Wednesday, November 13, 2013

Student Spotlight: Cassie Grimm

by Ann Abbott

I just received the e-mail that every entrepreneurship educator wants to receive: a former student telling me that she's working on a start-up!

Here's Cassie's message. Watch the video above and click on the website. This looks like it could take off!

*Also note this: her e-mail is perfectly crafted (although either "Profesora Abbott" or "Ann" would have been better). I read this e-mail, checked my calendar, and replied, "Sure. See you on Friday in 4006 FLB." She didn't make me work. She didn't make me try to remember her. (Maybe adding a picture would have been even more helpful.) She didn't put the burden of scheduling onto me. And most importantly, she told me exactly, specifically, unequivocally what she wanted from me: permission to upload my syllabus. I already know the answer is yes, so now I will be able to spend some time with Cassie on Friday just learning more about how things are going for her and for this start-up.

Hola Señora Abbott,

My name is Cassie Grimm and I took Spanish 232 with you last spring. I am writing you today because I would like to meet with you about a new start-up company that I am a part of, called StudyCloud. StudyCloud is a locally-created software tool designed to create a virtual classroom for students and instructors. Students can connect and register for their classes through Facebook, which then allows them to collaborate with each other, as well as pose questions to the instructor. I immediately thought of you when I was asked to join this company, since I know you already use social media in your Community Learning classes.

With the support of the University of Illinois' department of Online and Continuing Education, we are currently piloting this software here on campus, so this is a completely free, no-risk offer. At this time, we are seeking professors' approval to input their syllabi for next semester into our system so that we may better demonstrate the value our software has for students and professors.

I would love to get a chance to meet with you briefly to show you some of the other great features StudyCloud has to offer, including integrated calendars and homework reminders. Would Friday, November 15 at 11am work for you? If not, I am also available next week. In the meantime, you are welcome to check out our website, here <> .

I look forward to hearing back from you, and I really appreciate your time!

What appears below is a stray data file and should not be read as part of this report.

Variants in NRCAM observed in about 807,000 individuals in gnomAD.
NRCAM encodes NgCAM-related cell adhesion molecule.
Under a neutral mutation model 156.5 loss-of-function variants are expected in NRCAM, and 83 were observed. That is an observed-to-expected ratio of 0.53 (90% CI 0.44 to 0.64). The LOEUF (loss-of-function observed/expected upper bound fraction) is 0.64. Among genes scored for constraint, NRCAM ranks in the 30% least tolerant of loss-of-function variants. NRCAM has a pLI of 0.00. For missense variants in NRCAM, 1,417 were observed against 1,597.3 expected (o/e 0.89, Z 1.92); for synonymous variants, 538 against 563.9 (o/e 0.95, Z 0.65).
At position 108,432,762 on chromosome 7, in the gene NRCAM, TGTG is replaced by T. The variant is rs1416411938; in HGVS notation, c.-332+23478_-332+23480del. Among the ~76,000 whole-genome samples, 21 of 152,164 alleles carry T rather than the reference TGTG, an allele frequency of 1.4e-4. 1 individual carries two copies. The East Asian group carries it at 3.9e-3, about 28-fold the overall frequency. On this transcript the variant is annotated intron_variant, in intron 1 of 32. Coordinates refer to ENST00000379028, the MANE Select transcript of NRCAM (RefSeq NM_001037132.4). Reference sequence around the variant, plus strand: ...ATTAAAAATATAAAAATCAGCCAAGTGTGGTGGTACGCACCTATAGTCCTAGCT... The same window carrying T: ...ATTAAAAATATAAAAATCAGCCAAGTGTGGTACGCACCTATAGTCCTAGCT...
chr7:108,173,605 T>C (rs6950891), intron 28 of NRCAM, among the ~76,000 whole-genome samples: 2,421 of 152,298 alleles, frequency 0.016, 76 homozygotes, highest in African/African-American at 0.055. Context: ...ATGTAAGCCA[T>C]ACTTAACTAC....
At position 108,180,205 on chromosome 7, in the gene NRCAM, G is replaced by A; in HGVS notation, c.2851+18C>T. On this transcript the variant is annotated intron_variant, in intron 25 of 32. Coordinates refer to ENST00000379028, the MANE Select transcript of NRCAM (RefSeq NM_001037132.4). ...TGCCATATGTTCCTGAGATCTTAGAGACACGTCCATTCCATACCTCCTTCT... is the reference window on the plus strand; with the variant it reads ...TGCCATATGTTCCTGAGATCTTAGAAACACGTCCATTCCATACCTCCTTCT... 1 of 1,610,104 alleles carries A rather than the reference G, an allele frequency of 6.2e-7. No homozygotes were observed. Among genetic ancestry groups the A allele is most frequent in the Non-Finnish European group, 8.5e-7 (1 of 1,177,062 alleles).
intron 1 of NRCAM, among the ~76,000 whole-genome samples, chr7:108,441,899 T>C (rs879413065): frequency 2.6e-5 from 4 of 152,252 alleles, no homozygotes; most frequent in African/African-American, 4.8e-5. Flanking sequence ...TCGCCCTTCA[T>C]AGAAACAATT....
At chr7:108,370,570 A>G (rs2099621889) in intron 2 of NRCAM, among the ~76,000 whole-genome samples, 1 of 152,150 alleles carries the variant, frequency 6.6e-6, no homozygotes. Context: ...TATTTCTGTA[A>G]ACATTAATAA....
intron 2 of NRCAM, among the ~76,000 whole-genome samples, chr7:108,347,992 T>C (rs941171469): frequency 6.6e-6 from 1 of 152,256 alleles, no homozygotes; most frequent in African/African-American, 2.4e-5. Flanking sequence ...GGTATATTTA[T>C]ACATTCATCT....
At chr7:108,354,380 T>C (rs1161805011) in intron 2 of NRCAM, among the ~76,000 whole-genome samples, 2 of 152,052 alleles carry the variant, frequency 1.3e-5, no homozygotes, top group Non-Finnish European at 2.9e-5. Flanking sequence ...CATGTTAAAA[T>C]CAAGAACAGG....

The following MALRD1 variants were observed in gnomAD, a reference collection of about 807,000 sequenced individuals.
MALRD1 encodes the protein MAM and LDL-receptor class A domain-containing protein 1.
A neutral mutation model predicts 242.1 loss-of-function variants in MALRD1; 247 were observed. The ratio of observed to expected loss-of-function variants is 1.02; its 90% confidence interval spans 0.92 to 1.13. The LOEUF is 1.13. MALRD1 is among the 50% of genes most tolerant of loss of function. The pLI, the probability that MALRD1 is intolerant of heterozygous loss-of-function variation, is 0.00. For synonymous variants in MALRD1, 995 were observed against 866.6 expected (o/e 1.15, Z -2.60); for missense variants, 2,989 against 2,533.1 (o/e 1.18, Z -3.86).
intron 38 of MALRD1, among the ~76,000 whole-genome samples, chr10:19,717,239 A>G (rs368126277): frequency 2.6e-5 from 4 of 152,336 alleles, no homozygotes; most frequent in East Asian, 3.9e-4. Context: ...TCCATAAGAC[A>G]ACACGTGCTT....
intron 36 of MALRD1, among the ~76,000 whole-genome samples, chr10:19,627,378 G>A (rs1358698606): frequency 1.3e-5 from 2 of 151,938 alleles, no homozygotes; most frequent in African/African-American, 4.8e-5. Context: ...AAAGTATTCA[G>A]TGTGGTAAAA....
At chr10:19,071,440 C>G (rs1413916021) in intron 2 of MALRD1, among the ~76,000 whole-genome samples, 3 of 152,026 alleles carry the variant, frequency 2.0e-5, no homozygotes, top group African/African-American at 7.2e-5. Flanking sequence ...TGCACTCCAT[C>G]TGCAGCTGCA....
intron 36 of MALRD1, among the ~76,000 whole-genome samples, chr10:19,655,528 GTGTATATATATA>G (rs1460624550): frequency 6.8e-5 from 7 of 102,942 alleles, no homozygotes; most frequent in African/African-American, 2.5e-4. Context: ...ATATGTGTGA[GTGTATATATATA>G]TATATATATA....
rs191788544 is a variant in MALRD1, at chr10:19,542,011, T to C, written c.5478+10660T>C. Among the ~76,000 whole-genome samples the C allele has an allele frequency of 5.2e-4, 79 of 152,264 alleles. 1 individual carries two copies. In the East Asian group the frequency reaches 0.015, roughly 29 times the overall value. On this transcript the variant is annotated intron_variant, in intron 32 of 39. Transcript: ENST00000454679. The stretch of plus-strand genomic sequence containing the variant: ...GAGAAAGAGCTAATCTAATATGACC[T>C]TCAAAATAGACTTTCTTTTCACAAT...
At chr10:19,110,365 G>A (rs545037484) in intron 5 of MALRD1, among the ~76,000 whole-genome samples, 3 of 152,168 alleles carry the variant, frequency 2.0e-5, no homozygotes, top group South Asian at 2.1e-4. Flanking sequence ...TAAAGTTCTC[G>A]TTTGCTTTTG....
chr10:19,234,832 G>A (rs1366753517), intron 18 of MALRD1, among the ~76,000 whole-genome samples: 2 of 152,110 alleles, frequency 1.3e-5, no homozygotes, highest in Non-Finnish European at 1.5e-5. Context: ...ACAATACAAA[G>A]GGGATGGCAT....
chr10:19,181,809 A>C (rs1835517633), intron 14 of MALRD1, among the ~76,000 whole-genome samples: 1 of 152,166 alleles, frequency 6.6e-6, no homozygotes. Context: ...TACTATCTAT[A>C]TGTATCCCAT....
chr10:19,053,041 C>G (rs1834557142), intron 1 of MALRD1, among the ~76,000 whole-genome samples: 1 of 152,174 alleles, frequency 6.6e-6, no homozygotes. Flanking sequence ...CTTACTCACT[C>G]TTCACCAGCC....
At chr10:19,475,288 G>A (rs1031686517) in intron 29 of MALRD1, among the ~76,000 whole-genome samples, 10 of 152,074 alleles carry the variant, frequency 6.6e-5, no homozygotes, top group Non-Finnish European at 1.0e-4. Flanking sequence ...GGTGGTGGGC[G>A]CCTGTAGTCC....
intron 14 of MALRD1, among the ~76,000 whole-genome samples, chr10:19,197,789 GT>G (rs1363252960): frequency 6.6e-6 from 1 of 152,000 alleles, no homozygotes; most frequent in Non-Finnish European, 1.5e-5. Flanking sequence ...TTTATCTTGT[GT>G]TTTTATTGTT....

Muchas gracias,

Cassie Grimm


Cassie Grimm
University of Illinois '14 | College of Business
Business Honors Program
AIESEC | Vice President Talent Management

StudyCloud, Inc.

Student Spotlight: Amanda White Is Going to Brazil on a Fulbright

Wishing you lots of luck in Brazil, Amanda!
by Ann Abbott

I love hearing from former students. Their stories inspire me, and I also think they are role models for current students.

Amanda White sent an e-mail this morning about her upcoming stint as a Fulbright English Teaching Assistant in Brazil. It's important to see how she got to this point.

  • She studied abroad on our year-long program to Barcelona.
  • She took "Spanish in the Community" and "Spanish and Entrepreneurship" with me--doing her community service learning work with full dedication.
  • She went to Spain as a Fulbright ETA. I wrote a letter for her, and in her letter I was able to give very specific examples of how she would make an ideal ETA in Spain because I had seen her in action in the community service learning courses. In other words, my examples went beyond the normal comments about her classroom academic abilities.
  • She worked with a career coach (I'm not sure about the details) upon her return to the US. She was looking for ways in which she could pull together her talents, interests and experiences in the best way. (Of course, I have to give a plug here to, where you can find career coaching blog posts that are targeted specifically to language students and use Darcy's services one-on-one.)
  • She studied Spanish, Catalan and Portuguese--a wonderful and useful combination.
The message behind these bullet points is this:

While you are still in college, take advantage of all the unique opportunities that will set you apart after you graduate.

Here's Amanda's message:

Oi a todos!

(I love the Portuguese word oi for hi)

I hope this e-mail finds you well!  I've been slowly sharing the news about my placement in Brazil and thought I'd finally make it official. My next home away from home will be the city of Uberlândia.